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BALL FIVE: First ever concession stand was in Wrigley

The next time you go to the ball park or stadium or even the next track meet and head to the concession stand, you can thank a fellow named Charles Weeghman.
Weeghman was the man who built what is now Wrigley Field, home of the Chicago Cubs. It was not originally built for the Cubs. It was built for his Federal League team, the Chi-Feds.
Weeghman was a restauranteur and he soon noticed that the crowds at his team’s home games did not like the inference caused by the hawkers of popcorn, Cracker Jack, beer and red hots. They were loud and were an annoyance during the game. So Weeghman came up with the idea of building the first concession stand. It was a pretty good idea. If you go to a game at Wrigley Field nowadays, you will find no less than 63 concession stands.
He also started a tradition that was not part of the game. Back in the early 1900s, baseballs were considered valuable to the teams. When foul balls were hit into the stands, ushers and even policemen were sent to retrieve them. It became popular for the fans to play keep-away with the men charged with getting the baseballs back. Then one day Weeghman decided to just let the fans keep the baseballs.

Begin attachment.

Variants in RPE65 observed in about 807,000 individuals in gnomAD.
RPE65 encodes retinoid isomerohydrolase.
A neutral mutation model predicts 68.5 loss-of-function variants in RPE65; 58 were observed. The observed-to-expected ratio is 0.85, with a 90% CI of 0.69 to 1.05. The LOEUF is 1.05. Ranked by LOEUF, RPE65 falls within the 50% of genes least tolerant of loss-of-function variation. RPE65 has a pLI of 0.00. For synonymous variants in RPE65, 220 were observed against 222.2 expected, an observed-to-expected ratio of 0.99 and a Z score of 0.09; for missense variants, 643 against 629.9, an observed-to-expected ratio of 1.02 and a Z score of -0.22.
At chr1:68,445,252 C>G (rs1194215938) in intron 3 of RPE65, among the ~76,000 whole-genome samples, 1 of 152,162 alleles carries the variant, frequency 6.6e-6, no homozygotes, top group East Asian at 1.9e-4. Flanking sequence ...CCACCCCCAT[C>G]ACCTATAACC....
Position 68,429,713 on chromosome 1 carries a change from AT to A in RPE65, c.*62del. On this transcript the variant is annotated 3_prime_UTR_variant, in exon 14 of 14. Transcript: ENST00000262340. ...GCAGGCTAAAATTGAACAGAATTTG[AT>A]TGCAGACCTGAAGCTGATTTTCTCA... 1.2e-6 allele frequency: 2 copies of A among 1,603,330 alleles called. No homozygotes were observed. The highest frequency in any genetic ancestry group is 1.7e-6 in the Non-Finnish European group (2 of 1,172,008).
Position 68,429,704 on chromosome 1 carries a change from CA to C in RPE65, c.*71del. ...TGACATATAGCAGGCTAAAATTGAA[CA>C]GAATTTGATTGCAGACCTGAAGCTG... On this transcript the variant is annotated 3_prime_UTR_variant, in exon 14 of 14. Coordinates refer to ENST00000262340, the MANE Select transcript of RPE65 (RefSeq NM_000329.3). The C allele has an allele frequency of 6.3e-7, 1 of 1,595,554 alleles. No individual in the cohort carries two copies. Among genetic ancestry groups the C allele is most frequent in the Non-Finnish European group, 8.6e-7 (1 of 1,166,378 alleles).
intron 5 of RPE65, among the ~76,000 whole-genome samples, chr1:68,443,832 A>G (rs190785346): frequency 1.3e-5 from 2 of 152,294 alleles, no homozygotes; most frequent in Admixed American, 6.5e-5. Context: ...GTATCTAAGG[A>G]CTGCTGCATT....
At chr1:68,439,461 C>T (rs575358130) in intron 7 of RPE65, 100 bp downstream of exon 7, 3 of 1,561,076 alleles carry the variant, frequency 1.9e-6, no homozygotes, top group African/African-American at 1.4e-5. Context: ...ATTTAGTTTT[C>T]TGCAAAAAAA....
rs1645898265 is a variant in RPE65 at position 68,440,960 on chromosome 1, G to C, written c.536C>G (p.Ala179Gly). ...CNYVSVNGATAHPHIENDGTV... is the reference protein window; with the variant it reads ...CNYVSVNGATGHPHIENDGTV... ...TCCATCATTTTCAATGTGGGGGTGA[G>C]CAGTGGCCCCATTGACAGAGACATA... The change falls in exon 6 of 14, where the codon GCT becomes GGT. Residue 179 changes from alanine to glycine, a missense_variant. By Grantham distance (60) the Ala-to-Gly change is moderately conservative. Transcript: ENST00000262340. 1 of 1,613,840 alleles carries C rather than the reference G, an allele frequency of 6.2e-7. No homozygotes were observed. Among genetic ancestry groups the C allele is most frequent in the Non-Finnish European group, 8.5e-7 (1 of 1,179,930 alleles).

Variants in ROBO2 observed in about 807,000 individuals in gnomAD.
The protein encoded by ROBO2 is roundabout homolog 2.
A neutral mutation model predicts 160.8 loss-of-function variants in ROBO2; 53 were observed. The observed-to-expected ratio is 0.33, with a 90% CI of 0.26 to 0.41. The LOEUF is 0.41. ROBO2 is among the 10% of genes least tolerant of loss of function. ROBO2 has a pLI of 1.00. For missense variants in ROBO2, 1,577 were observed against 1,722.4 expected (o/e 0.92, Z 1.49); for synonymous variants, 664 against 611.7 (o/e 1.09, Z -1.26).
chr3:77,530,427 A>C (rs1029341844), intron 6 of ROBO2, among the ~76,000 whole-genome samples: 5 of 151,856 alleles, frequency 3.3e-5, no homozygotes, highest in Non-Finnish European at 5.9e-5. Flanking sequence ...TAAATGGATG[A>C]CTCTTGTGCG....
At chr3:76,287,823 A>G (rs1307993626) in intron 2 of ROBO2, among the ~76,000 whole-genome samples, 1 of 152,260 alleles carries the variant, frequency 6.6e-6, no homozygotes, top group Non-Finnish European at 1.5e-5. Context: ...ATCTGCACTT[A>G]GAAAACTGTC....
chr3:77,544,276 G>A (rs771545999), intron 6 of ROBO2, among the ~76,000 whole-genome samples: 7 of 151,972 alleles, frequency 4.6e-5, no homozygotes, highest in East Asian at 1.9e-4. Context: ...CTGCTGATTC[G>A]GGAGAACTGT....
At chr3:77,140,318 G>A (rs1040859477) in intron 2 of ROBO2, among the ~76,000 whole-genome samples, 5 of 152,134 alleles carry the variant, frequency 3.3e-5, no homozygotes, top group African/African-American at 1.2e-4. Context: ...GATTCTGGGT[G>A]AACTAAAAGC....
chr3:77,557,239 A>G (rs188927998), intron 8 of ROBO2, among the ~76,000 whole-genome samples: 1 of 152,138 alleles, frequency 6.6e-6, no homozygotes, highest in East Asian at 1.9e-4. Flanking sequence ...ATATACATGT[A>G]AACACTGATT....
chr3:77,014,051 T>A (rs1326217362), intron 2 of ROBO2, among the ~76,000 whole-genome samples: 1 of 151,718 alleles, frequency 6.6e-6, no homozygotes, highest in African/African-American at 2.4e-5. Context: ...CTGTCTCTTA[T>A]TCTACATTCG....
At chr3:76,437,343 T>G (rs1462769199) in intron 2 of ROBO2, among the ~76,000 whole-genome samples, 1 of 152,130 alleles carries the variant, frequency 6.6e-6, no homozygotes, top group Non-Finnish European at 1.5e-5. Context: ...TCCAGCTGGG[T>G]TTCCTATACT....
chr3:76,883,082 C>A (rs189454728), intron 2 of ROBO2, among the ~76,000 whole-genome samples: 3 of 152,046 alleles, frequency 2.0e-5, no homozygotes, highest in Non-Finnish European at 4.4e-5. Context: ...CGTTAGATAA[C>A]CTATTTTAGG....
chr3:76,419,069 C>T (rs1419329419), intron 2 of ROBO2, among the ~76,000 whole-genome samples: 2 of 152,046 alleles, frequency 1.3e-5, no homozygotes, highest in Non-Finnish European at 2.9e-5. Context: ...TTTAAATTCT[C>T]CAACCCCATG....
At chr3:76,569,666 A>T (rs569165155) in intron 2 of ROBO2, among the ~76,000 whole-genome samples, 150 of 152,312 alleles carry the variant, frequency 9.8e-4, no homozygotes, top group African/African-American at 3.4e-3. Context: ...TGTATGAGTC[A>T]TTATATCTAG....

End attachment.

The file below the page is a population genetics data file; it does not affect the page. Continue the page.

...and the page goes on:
He was truly a man before his time. He was the first to stress ballpark cleanliness and was a huge promoter of Ladies Day.
But the Chi-Feds would not last long. The Federal League was its way out by 1916 and Weegham, who had changed their name to the Whales by then, spent $500,000 to buy the National League Cubs and moved them to Weeghman Park.
Alas, Weeghman could not continue to be successful outside of baseball. By 1918 he needed money and sold the Cubs to chewing gum magnate William Wrigley.
Weeghman was gone from baseball, but he changed the game for the fans, and he changed it for the better.
I can’t forget to thank Bob Costas, John Schmoltz and MLB TV for getting this conversation started.